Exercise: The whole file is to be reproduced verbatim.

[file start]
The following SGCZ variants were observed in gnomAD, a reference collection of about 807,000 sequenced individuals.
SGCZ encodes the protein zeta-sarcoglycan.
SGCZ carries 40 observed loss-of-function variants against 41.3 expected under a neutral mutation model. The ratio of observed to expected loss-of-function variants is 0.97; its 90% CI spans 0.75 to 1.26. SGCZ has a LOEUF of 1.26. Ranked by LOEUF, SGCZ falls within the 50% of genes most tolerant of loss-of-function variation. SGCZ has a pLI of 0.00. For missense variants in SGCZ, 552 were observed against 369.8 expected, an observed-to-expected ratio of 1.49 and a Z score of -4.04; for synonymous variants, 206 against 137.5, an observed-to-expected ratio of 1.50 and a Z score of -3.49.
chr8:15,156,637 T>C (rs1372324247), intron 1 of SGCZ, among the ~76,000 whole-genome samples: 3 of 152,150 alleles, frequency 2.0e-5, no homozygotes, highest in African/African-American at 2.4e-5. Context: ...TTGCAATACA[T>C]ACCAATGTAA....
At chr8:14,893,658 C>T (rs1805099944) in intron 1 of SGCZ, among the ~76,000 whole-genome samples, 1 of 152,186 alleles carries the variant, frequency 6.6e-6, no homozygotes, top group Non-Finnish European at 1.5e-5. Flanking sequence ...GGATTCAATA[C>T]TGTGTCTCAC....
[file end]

The following SGCZ variants were observed in gnomAD, a reference collection of about 807,000 sequenced individuals.
SGCZ encodes the protein zeta-sarcoglycan.
SGCZ carries 40 observed loss-of-function variants against 41.3 expected under a neutral mutation model. The ratio of observed to expected loss-of-function variants is 0.97; its 90% CI spans 0.75 to 1.26. SGCZ has a LOEUF of 1.26. Ranked by LOEUF, SGCZ falls within the 50% of genes most tolerant of loss-of-function variation. SGCZ has a pLI of 0.00. For missense variants in SGCZ, 552 were observed against 369.8 expected, an observed-to-expected ratio of 1.49 and a Z score of -4.04; for synonymous variants, 206 against 137.5, an observed-to-expected ratio of 1.50 and a Z score of -3.49.
chr8:15,156,637 T>C (rs1372324247), intron 1 of SGCZ, among the ~76,000 whole-genome samples: 3 of 152,150 alleles, frequency 2.0e-5, no homozygotes, highest in African/African-American at 2.4e-5. Context: ...TTGCAATACA[T>C]ACCAATGTAA....
At chr8:14,893,658 C>T (rs1805099944) in intron 1 of SGCZ, among the ~76,000 whole-genome samples, 1 of 152,186 alleles carries the variant, frequency 6.6e-6, no homozygotes, top group Non-Finnish European at 1.5e-5. Flanking sequence ...GGATTCAATA[C>T]TGTGTCTCAC....